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Learning From Vowels

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Hi everyone... I have no idea about formant tunings and so on but from my own fiddling around I have realized this about my voice.

Falsetto/Head voice - The Ooo and Eee vowels REALLY help this part of my voice grow... I have more difficulty with Oh Eh and Ah .

Mixed Voice - The UH/AW/Ouhhh vowel are usually good if I am not "too open" and have a decent amount of support.

Chest Voice - Open AHHH Vowel usually gives me a darker sound but "EE" is very buzzy

Right now I can blend from the top-down a lot easier and a single-register is slowly letting itself flourish. My question is what is the best way to use vowels to:

1: Allow the head register to blend into the lower voice smoothly without "tension"

2. Allow flexibility in the mixed register AFTER head register strength is developed

3. Ensure that the Chest voice PROPERLY enters falsetto WITH ADDUCTION and POWERFUL sounding tones.

Which vowels are best to train each area of the voice. You cannot tell me that the "ER" vowel is good when training the head voice. Or that the tiny "oo" vowel is the best vowel to develop the chest voice. What specific sequence of vowels will help me expand head voice all the way down and which vowel sequence will help me build my voice from the bottom up CORRECTLY.

Hope someone can offer some useful tips, techniques, ideas... I am all ears :) I'm all about my vowels lol!

- JayMC

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jaymc :

Falsetto/Head voice - The Ooo and Eee vowels REALLY help this part of my voice grow... I have more difficulty with Oh Eh and Ah

this is very true, but it's important to understand why. the first two are narrow vowels..by their very nature they engage more head voice than chest voice and using them teaches you to shed weight and narrow (naturally). the latter set of vowels employ more chest voice.

continue to work the head voice with those descending slides. the top down approach teaches you to keep the voice up and out of the throat, and teaches you how to employ head voice as the main producer of the voice rather than drag up the chest voice. you will need to do that eventually, but it will come without the pull and drag but from more of an attachment.......a union based on an increase of breath tension (messa di voce)...later on.

explore falsetto with a nice dopey yawn...from the top to the bottom (it's not just high notes).

as time goes on it will thicken and become very resonant.

the best vowels i was taught to train head voice are "oo" and "ee" (a tall "ee" not a horizontal "ee') make your "ee" shape from an "oh."..."aw" is a great one too because it helps the voice with building strength in the passaggio area...like in "hawk."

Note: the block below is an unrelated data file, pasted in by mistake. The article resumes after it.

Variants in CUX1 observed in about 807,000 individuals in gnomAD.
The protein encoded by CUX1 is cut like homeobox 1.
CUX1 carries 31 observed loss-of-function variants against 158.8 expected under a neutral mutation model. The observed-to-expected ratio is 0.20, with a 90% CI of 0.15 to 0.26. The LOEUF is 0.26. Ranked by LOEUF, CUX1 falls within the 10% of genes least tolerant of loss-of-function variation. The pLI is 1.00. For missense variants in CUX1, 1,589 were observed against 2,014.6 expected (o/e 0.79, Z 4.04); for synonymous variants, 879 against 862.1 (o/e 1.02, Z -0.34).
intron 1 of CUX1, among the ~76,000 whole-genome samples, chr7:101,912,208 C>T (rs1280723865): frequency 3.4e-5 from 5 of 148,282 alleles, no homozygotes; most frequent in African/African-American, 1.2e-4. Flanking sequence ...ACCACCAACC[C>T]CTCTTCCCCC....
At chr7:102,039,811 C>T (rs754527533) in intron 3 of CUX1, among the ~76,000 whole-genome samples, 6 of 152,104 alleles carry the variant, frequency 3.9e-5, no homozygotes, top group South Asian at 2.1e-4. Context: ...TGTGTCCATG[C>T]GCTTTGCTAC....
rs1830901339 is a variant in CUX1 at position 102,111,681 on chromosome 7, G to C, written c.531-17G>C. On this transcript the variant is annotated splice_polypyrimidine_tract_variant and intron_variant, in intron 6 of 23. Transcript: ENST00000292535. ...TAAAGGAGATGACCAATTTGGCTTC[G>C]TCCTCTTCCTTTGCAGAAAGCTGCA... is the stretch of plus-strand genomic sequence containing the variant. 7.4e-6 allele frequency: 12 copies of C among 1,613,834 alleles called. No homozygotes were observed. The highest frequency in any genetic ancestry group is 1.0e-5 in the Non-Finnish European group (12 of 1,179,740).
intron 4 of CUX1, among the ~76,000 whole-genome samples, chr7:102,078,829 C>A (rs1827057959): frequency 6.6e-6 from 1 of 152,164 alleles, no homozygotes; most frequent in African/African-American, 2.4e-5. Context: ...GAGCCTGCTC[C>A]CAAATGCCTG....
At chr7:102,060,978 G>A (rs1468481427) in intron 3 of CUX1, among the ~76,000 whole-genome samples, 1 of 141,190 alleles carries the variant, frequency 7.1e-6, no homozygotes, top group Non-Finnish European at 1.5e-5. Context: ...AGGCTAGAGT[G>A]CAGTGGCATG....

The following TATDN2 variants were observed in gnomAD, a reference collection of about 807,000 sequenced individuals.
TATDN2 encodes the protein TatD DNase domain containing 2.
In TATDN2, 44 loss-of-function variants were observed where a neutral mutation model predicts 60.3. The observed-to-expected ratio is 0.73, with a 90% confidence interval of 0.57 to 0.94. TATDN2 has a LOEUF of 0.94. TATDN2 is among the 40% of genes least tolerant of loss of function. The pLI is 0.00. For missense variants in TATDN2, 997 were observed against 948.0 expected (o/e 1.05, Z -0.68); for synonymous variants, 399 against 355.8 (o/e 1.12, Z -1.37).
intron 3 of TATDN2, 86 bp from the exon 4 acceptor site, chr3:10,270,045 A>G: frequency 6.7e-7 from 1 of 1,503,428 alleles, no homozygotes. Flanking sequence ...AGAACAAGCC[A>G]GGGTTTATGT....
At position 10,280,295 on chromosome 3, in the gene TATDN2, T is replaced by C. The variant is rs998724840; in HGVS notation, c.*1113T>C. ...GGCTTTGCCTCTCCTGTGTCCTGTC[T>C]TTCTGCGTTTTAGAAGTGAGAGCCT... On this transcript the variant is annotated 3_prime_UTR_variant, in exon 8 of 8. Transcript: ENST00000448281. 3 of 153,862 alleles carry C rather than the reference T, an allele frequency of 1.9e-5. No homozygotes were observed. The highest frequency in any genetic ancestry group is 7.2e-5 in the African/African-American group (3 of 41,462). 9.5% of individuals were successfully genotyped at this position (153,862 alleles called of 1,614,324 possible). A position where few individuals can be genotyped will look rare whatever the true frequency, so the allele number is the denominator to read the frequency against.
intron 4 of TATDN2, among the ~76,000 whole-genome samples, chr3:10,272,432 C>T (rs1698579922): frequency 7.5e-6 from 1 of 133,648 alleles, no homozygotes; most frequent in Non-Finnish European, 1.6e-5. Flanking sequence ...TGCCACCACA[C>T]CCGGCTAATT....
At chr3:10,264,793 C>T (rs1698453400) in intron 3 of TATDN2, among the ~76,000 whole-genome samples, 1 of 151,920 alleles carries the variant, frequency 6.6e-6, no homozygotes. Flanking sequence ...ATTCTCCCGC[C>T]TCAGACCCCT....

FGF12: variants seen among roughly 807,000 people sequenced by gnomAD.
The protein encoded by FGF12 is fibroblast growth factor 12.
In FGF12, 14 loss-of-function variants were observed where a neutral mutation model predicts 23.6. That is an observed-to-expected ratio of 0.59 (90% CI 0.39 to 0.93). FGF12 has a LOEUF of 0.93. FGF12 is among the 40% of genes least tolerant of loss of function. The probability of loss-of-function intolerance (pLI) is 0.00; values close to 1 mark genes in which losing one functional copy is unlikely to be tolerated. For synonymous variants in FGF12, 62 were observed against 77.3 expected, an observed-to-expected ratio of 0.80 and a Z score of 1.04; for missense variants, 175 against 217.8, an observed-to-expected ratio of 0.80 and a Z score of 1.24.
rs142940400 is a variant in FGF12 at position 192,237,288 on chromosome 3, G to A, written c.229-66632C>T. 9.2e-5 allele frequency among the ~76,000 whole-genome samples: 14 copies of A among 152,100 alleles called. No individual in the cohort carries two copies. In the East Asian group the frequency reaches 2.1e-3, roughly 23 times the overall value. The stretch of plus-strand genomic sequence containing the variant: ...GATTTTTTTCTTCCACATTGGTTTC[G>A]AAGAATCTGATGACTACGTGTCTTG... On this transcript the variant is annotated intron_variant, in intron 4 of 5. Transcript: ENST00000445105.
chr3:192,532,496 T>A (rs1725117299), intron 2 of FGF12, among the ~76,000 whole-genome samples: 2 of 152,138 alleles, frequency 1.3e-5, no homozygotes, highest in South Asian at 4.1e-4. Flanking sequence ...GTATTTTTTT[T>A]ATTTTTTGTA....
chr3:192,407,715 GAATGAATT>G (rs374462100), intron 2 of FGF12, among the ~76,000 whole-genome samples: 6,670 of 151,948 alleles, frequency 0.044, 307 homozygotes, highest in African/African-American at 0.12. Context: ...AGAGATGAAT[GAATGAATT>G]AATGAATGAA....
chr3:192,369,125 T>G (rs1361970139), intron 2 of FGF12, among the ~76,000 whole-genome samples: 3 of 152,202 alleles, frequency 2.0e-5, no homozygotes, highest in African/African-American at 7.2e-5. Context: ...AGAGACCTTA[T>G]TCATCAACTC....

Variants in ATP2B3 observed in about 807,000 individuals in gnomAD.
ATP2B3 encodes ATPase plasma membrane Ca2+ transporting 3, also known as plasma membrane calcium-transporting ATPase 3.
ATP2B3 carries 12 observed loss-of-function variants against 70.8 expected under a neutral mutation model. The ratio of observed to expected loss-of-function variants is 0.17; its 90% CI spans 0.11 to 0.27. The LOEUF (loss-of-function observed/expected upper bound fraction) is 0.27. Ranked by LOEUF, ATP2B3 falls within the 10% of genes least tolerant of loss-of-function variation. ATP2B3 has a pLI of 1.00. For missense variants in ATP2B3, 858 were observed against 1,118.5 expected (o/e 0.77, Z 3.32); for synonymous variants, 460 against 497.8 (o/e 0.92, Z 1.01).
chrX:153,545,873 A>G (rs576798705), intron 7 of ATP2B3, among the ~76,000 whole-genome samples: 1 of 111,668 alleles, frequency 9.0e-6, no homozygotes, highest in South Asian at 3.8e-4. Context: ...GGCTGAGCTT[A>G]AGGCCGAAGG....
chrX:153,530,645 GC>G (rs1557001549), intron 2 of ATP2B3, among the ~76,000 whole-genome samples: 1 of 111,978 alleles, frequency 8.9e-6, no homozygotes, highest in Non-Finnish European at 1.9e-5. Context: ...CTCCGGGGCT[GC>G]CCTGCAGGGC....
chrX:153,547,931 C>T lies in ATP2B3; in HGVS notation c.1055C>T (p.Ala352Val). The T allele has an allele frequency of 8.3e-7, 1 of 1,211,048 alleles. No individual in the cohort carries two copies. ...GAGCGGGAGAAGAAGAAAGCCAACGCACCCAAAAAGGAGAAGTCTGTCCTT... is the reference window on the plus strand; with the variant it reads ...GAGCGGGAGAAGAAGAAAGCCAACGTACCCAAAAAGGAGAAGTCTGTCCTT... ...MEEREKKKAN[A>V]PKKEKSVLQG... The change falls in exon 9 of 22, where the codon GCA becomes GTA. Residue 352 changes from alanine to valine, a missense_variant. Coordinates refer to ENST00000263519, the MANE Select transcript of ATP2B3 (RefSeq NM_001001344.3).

as you gain strength, add the others......."eh", "oh" and "ah." remember when you train falsetto, stay in that falsetto configuration, open throat, relax the jaw and tongue, get the palate up, don't push the sound. if it should get "feminine or operatic sounding run with it...explore that setup and that sound.

eventually you will begin to sense that you can lean into your falsetto a little and produce a lightly connected head tone

the falsetto "oo" is also a great warmup/warmdown vowel....

anyone else want to add?

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I'd love to chip in if I may :) It's my first time in the forum and I love gassing about this stuff.

Looking into formants and harmonics, and how to shape the vocal tract to boost these, may be something you might find interesting as you've figure out and astutely noticed some great things already, I presume just through experimenting.

To get the best out of how vowels help you to transition well it's good to split them up into 2: resonator 1 (throat - chest) and resonator 2 (mouth - head). We can tune these resonators independently to get the best tonal picture, but also as a by-product great bridging and comfort.

Resonator 1 can be tuned using the following vowels (as each vowel has it's own layngeal positioning naturally), and they are primarily ensuring that the larynx is in the best possible spot initially.

Chest - A (cat)

Upper Chest - Ah (father)

Bridge - Uh (mother)

Sometimes Ouh (nook) if the larynx is a bit unruly.

Through these vowels the larynx lowers gradually and subtly and gives up resonance to the head voice resonator (2).

When resonator 1 is happy, then resonator 2 can be tuned depending on where we are in the range. For the chest resonator 1 is most dominant and any changes to it will have the biggest effect on tone so need to worry about the mouth too much. But as a note it's good to have a wider mouth position to get the most bite.